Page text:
Nearly 70% of global business leaders and finance professionals claim their organization has made a significant business decision based on inaccurate financial data. Almost 22% of C-suite respondents say it takes up to 10 days per month for their organization to identify errors and make adjustments, potentially wasting as many as 114 days each year.
These findings are from a global survey commissioned by BlackLine of more than 1,100 C-suite executives and finance professionals, to gauge confidence levels in financial data and the perceived impact of errors on the business.
The results reveal four essential ways that organizations can build and maintain trust in today’s increasingly unpredictable, rapidly changing business environment. Here are the first two.
Eliminate Human Error & Deliver Accurate Data
Accountants have always held high levels of accuracy as a core value, but the rapid pace of business and the demand for real-time financial information have made it increasingly difficult for accountants to process the extraordinary amount of data flowing through modern organizations.
Continued reliance on manual or outdated systems means tremendous amounts of overtime are required to meet the competing demands of closing the books both accurately and on time. According to the Society for Human Resource Management (SHRM), overtime itself is a significant factor in poor performance and increased errors.
To maintain the trust of leadership, stakeholders, and shareholders, organizations must find ways to reduce and even eliminate the possibility of human error.
How? By streamlining outdated, clunky, manual processes and giving accounting professionals solutions that help them maintain high levels of accuracy, even as the pace of business accelerates.
Centralize Key Functions
It’s difficult to achieve meaningful transparency with legacy accounting systems because these systems make it difficult to quickly identify mistakes and discrepancies.
BlackLine’s global study found that 55% of respondents were “not completely confident” that they could identify financial errors in advance of reporting. Of those, 26% were concerned over errors that they know must exist, but of which they have no visibility.
Transparency’s value in Accounting and Finance goes beyond increasing the visibility of errors and improving the accuracy of statements. Transparency also helps build trust externally, which in turn, leads to large-scale business benefits.
Studies show that organizations with increased organizational transparency:
Benefit from a reduced cost of capital. An article in the Journal of Accounting, Auditing & Finance states that “increased reporting transparency provides evidence of an association between transparency and cost of capital”.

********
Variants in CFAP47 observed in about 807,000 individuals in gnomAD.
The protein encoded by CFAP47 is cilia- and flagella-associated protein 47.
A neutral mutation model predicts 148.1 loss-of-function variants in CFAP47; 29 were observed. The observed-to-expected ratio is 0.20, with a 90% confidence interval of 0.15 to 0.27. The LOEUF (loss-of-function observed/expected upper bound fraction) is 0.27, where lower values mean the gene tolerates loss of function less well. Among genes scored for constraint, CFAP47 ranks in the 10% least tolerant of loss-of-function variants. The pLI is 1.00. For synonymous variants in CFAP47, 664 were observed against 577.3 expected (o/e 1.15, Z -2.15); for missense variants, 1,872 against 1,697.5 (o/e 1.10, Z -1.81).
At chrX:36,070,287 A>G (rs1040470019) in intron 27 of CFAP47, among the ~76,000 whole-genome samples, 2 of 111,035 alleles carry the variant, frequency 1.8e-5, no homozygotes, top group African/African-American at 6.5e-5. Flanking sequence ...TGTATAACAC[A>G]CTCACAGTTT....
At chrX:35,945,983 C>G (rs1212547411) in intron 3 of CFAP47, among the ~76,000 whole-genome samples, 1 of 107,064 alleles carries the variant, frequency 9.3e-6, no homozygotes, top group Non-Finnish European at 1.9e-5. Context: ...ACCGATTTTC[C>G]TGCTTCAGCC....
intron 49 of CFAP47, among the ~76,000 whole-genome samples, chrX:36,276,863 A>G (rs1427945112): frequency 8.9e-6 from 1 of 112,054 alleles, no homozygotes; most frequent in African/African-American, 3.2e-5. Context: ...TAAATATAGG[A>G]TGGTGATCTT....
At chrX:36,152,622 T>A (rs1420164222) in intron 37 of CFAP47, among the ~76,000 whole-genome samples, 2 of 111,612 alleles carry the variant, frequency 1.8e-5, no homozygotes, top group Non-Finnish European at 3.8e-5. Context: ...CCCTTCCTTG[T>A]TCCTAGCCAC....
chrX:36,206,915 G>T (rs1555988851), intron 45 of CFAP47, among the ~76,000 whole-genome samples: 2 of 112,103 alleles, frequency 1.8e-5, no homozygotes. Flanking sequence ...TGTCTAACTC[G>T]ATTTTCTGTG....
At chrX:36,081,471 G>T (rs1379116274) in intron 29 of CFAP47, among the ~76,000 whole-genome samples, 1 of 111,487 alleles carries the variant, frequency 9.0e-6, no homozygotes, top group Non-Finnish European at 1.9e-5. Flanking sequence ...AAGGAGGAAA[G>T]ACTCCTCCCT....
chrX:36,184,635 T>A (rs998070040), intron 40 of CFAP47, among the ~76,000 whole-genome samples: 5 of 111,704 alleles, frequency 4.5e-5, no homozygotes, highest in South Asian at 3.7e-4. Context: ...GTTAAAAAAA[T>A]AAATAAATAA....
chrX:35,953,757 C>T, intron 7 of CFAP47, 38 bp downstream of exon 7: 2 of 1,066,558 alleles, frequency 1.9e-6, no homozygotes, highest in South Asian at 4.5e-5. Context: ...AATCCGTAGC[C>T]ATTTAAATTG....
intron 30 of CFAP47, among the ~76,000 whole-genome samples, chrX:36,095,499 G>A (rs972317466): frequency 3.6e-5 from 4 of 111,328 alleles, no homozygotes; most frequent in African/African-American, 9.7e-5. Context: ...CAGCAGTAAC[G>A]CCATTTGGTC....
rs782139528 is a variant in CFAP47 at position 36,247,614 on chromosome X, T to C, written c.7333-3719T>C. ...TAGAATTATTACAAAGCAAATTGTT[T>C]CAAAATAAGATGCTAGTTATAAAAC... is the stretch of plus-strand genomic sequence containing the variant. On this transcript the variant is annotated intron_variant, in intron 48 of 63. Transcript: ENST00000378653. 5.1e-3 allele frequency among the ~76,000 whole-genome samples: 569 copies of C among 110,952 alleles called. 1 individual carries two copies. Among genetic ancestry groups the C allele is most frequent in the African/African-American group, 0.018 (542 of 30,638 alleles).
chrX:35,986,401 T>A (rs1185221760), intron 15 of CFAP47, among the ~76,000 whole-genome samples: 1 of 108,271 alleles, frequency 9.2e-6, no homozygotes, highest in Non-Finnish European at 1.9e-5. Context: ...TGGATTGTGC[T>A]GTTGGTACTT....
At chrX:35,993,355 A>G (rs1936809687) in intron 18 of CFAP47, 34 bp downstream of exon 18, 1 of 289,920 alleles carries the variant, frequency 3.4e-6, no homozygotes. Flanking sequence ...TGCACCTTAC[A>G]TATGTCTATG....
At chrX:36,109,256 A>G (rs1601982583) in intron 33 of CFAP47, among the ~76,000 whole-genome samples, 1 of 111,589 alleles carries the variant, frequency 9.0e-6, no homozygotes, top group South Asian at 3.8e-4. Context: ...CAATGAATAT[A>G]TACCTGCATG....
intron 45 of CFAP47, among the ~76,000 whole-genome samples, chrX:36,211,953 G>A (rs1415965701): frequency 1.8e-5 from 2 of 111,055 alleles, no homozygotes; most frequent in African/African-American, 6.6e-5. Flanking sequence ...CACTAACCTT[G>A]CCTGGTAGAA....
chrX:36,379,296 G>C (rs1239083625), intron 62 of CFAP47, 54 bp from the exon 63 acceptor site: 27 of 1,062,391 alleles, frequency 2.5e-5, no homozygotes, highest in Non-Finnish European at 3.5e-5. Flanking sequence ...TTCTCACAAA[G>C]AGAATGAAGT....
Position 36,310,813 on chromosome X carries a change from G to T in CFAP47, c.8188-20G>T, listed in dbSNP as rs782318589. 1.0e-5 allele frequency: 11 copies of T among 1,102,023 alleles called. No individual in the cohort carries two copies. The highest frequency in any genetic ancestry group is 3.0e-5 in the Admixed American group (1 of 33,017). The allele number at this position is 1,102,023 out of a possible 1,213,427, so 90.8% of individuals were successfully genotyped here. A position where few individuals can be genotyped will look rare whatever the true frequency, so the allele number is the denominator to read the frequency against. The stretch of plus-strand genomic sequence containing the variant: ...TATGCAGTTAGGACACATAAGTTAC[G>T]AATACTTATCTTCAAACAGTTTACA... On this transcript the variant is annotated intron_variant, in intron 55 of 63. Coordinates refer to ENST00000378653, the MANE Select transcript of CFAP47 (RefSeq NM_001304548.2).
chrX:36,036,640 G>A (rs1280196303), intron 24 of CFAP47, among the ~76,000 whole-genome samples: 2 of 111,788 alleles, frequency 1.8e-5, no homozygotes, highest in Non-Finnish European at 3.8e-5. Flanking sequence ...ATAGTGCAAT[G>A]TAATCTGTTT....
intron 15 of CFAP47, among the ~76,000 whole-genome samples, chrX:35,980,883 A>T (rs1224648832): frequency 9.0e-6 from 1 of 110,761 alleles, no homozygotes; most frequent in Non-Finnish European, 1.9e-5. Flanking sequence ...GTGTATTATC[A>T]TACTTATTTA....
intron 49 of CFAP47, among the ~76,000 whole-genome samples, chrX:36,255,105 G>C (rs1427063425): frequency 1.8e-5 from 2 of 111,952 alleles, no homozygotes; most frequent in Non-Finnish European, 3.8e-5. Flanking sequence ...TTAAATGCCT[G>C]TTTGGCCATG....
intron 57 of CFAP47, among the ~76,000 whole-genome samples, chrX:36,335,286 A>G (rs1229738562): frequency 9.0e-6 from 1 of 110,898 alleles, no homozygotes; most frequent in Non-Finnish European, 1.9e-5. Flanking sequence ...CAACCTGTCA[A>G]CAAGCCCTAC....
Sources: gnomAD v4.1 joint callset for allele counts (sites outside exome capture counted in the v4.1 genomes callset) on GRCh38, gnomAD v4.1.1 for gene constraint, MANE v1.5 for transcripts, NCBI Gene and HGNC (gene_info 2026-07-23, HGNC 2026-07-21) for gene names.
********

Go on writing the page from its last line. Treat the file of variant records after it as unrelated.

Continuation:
According to an article in ScienceDirect, when an organization provides more transparency within financial statements, that organization experiences a lower cost of capital, primarily due to the fact that “uncertainty regarding the value of its equity may be lower”.
Increase sales. In another study cited in a Harvard Business Review article, making the costs and processes of various products transparent, including the amount of markup, led to a dramatic jump in sales. By providing full operational transparency for one product, a wallet, researchers were able to increase sales by 26%.
Increase stakeholder confidence. Research compiled by Harvard Business School showed that increasing the levels of operational transparency within government agencies positively influenced citizen attitudes toward government. Revealing the “hidden work” increased the self-reported level of trust by 14%.
Accounting organizations can address the need for more transparency by transitioning from outdated and often manual accounting operations that hamper visibility to more centralized, modern processes and solutions. Instead of using and storing spreadsheets on multiple servers (or with multiple accountants), organizations can create a central location for all close data and operations.
Centralizing key accounting functions—reconciliations, task assignment and management, journal entries, analysis—enables a more holistic approach to the financial close process and ensures immediate, real-time visibility into all activities.
Read this blog to learn more about what BlackLine’s global survey of 1,100 C-suite executives and finance professionals revealed about the global scale of financial data inaccuracies.